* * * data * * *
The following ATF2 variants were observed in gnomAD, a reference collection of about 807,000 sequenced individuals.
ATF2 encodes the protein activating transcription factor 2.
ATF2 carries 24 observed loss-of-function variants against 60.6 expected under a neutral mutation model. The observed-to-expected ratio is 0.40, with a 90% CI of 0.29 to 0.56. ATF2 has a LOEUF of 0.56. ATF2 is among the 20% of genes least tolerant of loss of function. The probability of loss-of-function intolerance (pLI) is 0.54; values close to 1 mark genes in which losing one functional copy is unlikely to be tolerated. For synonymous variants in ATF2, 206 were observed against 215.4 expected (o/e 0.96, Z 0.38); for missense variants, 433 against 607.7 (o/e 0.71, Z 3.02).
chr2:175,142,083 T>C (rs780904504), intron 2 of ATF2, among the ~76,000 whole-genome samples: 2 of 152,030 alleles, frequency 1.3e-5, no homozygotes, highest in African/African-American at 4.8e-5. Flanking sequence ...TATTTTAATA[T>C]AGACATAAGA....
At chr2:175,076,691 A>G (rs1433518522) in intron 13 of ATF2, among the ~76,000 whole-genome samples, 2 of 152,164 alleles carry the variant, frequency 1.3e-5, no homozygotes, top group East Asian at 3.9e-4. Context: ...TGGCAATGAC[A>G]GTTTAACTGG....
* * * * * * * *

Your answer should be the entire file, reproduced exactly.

The following ATF2 variants were observed in gnomAD, a reference collection of about 807,000 sequenced individuals.
ATF2 encodes the protein activating transcription factor 2.
ATF2 carries 24 observed loss-of-function variants against 60.6 expected under a neutral mutation model. The observed-to-expected ratio is 0.40, with a 90% CI of 0.29 to 0.56. ATF2 has a LOEUF of 0.56. ATF2 is among the 20% of genes least tolerant of loss of function. The probability of loss-of-function intolerance (pLI) is 0.54; values close to 1 mark genes in which losing one functional copy is unlikely to be tolerated. For synonymous variants in ATF2, 206 were observed against 215.4 expected (o/e 0.96, Z 0.38); for missense variants, 433 against 607.7 (o/e 0.71, Z 3.02).
chr2:175,142,083 T>C (rs780904504), intron 2 of ATF2, among the ~76,000 whole-genome samples: 2 of 152,030 alleles, frequency 1.3e-5, no homozygotes, highest in African/African-American at 4.8e-5. Flanking sequence ...TATTTTAATA[T>C]AGACATAAGA....
At chr2:175,076,691 A>G (rs1433518522) in intron 13 of ATF2, among the ~76,000 whole-genome samples, 2 of 152,164 alleles carry the variant, frequency 1.3e-5, no homozygotes, top group East Asian at 3.9e-4. Context: ...TGGCAATGAC[A>G]GTTTAACTGG....